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Guest Phil Cater

Form Follows Function?

  

36 members have voted

  1. 1. Should Form follow function?

    • Yes
      28
    • No
      8


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Guest Phil Cater

Hi. I'm currently writting and essay on "Does Form follows function or Form follow materials" I would love to hear what peoples views are on these topics. Do you agree or think something totally differnent.

 

Form follows function - “beauty results from purity of function”

 

Form follows materials - "the form is limited by the capabilites of the materials used"

 

If any one can suggest any books it would be a great help to.

 

Cheers Phil

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In my opinion, form should follow the situation.

 

There can be both economical, structural and functional reasons for doing one or the other. In some cases the function is also the form - I.e. products that people uses to brand themselves (iPods, watches, phones, clothes) In other cases, the form haven't got a high priority - I.e. products used in production facilities or things that are hidden behind a shell...

 

So everything comes down to the situation, in my opinion at least.

 

So, form follows situation, works better for me.

 

/tbroen

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Just a thought for you: How does the form follows function principle, fit new technological devices. In these products the function is often so advanced that it has nothing to do with the form of the physical product. Then, the shape of this kind of product is only related to the function of holding it and maybe pressing buttons.

 

And is it always obvious if the form follows function, and how is it visible? In many cases the forms have a reason not obvious to the spectator. In that case only the designer can say what the form follows - function, materials, manufacturing, philosophy and so on.

 

Maybe i'm difficult to follow here - I guess that my point is that I think that the form follows many more things than just function.

 

/tbroen

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Guest Jay08

yes form should always follow function. There is no point having a great looking product which does not fulfill its requirements!

 

Definitely agree with troben that form also should follow other factors, but function should be the main one!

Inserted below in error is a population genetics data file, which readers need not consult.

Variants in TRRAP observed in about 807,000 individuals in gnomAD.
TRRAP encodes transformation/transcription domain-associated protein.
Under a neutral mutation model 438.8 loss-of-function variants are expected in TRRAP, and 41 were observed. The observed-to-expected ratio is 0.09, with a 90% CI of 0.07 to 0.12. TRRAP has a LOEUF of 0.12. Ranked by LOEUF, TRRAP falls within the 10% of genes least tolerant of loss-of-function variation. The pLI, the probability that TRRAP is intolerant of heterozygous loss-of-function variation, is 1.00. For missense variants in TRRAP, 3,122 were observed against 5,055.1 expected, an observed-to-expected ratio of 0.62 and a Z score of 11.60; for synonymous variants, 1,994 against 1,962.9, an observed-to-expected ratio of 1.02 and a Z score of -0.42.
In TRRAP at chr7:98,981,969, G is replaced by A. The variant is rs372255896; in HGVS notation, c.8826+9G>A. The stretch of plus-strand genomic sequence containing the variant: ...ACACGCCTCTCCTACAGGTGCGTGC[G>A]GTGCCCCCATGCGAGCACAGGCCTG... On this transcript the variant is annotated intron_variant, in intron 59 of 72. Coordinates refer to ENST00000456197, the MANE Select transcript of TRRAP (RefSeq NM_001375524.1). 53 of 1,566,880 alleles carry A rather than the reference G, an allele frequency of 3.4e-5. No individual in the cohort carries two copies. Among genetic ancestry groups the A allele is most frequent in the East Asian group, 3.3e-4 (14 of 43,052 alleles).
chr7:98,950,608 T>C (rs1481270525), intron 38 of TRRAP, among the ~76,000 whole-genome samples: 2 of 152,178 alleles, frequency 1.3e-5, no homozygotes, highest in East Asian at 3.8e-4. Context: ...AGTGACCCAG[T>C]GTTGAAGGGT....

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Guest amarsh23

A graphic/interactive/interaction designer who works at Frog once told me that "form follows emotion".

 

I believe he thought it was also intertwined with form following function but it did catch my attention. Personally, I took it to mean a harmonious interaction a person receives with a product. As technology and interfaces begin to have a more dominant role in most aspects of product design (iPhone,LCDS,etc) a products ultimate success or failure tends to rely on the user's interaction with that product rather than a beautiful contemporary form. Like tbroen was saying if I understood him correctly.

 

The "Design of Everyday Things" pretty much sums everything up which would be some good reading for your essay if you haven't already picked it up.

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Guest kayeedgar

I think that if any, form should always follow function. A designer wouldn't start a project and say 'im going to design a spherical object and then think of a function to give it afterwards'. When a brief is given to a designer it would outline the function that is required before the form is even thought of.

 

At the same time i do think that they do in a way come at the same time, as soon as you put pen to paper you are designing the form of the object/product as well as how the object/product would function.

 

Kaye

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Guest michaelAtSPG

Yes, form follows function, but what's the function? Even ornament is a function.

 

Analog: Fishing lures are not designed to catch fish, they are designed to catch fisherman.

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I guess this whole discussion also depends very much on peoples interpretation of the words form and function. Both are a kind of "rubber words" you can twist them in whatever direction you want to. So one thing that is required to get a common understanding of the term, is that the words form and function are defined - so... What is form? and more difficult I think, what is function?

 

I believe that form could be described as the visual appearance of an object.

Function however, I find it much more difficult to define without the use of examples.

 

/tbroen

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Guest Phil Cater